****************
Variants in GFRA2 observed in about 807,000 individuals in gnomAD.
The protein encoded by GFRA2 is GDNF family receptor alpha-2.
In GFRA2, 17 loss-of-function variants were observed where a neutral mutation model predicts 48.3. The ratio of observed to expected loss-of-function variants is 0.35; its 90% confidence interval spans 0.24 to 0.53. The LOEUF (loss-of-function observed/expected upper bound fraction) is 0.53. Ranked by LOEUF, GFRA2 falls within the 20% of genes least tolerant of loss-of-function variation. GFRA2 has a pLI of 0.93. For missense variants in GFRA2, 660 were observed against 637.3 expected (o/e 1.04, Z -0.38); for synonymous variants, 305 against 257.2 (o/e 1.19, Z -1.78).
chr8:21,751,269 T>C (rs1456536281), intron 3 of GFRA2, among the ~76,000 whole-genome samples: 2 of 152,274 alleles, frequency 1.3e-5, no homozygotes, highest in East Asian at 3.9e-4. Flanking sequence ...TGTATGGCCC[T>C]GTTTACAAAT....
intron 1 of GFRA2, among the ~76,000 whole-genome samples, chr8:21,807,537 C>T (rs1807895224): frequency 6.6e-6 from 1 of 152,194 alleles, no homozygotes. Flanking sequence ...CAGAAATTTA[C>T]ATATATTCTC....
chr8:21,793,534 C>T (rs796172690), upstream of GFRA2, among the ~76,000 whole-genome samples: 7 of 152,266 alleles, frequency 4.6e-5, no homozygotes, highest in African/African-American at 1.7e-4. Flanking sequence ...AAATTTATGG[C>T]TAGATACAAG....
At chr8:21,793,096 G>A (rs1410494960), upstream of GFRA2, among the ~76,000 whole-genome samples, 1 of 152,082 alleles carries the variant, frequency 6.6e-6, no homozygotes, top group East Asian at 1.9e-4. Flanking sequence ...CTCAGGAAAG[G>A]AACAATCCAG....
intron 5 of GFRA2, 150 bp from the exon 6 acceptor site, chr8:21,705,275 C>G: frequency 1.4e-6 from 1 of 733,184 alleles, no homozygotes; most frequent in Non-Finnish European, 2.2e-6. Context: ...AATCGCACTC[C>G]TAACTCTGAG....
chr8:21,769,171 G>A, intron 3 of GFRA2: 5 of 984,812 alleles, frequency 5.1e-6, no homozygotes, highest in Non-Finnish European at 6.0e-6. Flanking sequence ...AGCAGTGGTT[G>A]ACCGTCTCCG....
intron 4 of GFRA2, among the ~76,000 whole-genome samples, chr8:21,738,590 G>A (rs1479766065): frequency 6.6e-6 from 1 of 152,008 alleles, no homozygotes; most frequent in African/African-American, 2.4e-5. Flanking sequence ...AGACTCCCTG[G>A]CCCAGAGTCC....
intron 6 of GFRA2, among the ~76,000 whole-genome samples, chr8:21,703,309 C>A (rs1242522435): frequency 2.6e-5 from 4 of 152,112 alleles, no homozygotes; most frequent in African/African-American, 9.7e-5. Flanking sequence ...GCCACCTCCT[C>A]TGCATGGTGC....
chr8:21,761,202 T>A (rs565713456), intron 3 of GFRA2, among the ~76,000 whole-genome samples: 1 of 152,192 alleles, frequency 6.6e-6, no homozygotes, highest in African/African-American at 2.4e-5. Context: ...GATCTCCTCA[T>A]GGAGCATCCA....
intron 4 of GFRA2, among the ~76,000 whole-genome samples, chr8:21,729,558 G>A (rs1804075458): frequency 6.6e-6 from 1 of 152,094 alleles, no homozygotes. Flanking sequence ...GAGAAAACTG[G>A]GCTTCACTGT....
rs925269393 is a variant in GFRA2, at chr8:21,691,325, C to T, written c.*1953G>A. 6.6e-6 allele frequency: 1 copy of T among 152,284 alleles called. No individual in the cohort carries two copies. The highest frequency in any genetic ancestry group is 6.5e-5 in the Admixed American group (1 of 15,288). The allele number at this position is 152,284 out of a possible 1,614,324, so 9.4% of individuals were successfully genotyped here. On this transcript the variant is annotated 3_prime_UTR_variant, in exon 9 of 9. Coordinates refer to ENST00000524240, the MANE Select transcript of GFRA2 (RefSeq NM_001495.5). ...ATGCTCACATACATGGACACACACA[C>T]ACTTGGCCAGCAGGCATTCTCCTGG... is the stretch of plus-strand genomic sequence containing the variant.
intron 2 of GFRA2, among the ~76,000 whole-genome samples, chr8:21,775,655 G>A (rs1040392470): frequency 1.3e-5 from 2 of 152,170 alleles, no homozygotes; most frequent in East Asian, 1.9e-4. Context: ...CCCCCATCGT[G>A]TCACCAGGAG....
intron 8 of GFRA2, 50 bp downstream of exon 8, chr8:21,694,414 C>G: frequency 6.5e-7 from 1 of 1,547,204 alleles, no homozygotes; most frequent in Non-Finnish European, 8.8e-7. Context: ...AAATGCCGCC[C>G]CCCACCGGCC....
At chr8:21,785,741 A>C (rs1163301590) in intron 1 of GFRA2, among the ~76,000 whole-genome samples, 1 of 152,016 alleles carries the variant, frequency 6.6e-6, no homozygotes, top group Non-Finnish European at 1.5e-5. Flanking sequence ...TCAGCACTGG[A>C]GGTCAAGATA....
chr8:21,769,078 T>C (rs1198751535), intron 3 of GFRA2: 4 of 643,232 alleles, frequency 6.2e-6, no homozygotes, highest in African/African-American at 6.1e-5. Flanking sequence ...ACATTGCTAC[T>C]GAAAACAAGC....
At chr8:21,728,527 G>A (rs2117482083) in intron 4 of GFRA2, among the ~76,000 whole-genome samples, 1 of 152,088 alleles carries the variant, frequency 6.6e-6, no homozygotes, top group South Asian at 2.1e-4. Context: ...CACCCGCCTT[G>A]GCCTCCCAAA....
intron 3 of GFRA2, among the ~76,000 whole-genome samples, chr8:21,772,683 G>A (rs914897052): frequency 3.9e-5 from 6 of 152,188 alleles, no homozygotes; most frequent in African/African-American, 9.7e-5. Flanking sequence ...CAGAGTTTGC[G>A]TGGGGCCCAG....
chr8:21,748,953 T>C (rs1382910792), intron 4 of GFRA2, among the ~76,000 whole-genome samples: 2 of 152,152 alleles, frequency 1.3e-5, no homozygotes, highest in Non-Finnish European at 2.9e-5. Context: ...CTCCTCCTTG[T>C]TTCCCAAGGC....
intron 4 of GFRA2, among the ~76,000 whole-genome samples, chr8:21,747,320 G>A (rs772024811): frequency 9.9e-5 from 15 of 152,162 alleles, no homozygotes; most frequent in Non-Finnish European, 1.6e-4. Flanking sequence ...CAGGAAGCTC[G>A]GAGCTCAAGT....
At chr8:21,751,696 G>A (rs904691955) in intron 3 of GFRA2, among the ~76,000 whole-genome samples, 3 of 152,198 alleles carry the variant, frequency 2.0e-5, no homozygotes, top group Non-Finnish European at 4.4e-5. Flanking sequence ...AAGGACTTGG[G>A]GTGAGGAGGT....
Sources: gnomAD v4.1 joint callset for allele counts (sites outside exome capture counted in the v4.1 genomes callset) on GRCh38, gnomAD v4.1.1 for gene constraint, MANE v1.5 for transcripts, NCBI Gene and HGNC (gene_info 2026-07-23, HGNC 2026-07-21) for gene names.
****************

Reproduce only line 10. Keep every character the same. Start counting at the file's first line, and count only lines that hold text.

intron 4 of GFRA2, among the ~76,000 whole-genome samples, chr8:21,738,590 G>A (rs1479766065): frequency 6.6e-6 from 1 of 152,008 alleles, no homozygotes; most frequent in African/African-American, 2.4e-5. Flanking sequence ...AGACTCCCTG[G>A]CCCAGAGTCC....